Vest meaning

vĕst
A sleeveless garment, often having buttons down the front, worn usually over a shirt or blouse and sometimes as part of a three-piece suit.
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(obsolete) An ecclesiastical vestment.
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A waist-length, sleeveless garment worn for protection.

A warm down vest; a bulletproof vest.

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(chiefly british) An undershirt.
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To place (authority, property, or rights, for example) in the control of a person or group, especially to give someone an immediate right to present or future possession or enjoyment of (an estate, for example). Used with in .

Vested his estate in his daughter.

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To invest or endow (a person or group) with something, such as power or rights. Used with with .

Vested the council with broad powers; vests its employees with full pension rights after five years of service.

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To clothe or robe, as in ecclesiastical vestments.
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To become legally vested.

Stock options that vest after the second year of employment.

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To dress oneself, especially in ecclesiastical vestments.
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(obs.) Vesture; clothing.
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To dress, as in church vestments; clothe.
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To place (authority, power, property rights, pension rights, etc.) in the control of a person or group (with in)
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To put (a person) in possession or control of, as power or authority; invest (with something)
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To put on garments or vestments; clothe oneself.
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To pass to a person; become vested (in a person), as property.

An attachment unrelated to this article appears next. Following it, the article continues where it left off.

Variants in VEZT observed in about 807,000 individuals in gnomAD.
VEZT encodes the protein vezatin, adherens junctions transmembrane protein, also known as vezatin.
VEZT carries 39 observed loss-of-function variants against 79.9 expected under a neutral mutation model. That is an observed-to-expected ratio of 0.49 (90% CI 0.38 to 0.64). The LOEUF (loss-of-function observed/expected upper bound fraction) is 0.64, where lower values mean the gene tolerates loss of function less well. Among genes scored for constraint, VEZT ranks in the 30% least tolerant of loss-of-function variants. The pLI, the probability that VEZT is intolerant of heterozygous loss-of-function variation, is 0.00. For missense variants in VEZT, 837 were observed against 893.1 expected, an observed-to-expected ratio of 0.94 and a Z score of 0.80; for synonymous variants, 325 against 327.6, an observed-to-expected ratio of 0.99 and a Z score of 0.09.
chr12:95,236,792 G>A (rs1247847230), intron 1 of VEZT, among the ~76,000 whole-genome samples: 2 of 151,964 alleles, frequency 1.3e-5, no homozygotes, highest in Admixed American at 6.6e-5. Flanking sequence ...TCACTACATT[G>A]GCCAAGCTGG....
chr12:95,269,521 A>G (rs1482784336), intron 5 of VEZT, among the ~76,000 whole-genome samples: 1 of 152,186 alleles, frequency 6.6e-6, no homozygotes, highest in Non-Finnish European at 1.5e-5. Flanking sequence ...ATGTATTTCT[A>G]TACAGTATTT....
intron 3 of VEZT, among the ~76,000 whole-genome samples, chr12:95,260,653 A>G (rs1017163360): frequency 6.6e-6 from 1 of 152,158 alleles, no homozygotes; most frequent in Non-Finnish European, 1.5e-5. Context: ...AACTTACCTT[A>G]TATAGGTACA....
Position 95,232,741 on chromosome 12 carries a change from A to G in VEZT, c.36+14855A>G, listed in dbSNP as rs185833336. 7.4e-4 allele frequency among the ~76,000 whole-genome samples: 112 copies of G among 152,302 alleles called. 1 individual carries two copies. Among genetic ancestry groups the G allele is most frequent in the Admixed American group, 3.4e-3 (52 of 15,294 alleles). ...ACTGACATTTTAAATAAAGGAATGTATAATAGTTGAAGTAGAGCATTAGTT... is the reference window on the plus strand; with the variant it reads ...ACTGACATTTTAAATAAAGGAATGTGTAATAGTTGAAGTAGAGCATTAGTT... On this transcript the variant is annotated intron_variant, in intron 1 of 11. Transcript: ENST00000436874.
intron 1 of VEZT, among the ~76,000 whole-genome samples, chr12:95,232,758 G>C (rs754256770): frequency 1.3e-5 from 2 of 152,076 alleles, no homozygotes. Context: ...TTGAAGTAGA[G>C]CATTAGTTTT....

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(now rare) A loose robe or outer garment worn historically by men in Arabic or Middle Eastern countries.
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(now North America) A sleeveless garment that buttons down the front, worn over a shirt, and often as part of a suit; a waistcoat.
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(UK) A sleeveless garment, often with a low-cut neck, usually worn under a shirt or blouse.
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A sleeveless top, typically with identifying colours or logos, worn by an athlete or member of a sports team.
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Any sleeveless outer garment, often for a purpose such as identification, safety, or storage.
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Clothing generally; array; garb.
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(sleeveless outergarment): safety vest, scrimmage vest, fishing vest.
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To clothe with, or as with, a vestment, or garment; to dress; to robe; to cover, surround, or encompass closely.
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To clothe with authority, power, etc.; to put in possession; to invest; to furnish; to endow; followed by with and the thing conferred.

To vest a court with power to try cases of life and death.

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To place or give into the possession or discretion of some person or authority; to commit to another; with in before the possessor.

The power of life and death is vested in the king, or in the courts.

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(law) To clothe with possession; also, to give a person an immediate fixed right of present or future enjoyment of.

To vest a person with an estate.

An estate is vested in possession.

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(commonly used of financial arrangements) To become vested, to become permanent.

My pension vests at the end of the month and then I can take it with me when I quit.

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A fabric trim worn to fill in the neckline of a woman's garment; a vestee.
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play (it) close to the vest
  • to be reserved, secretive, etc.; keep (one's plans, thoughts, etc.) to oneself
  • to take no risks; be cautious, conservative, etc.
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Idioms and Phrasal Verbs

play (it) close to the vest

Origin of vest

  • French veste robe from Italian vesta from Latin vestis garment wes-2 in Indo-European roots

    From American Heritage Dictionary of the English Language, 5th Edition

  • From French veste (“a vest, jacket"), from Latin vestis (“a garment, gown, robe, vestment, clothing, vesture").

    From Wiktionary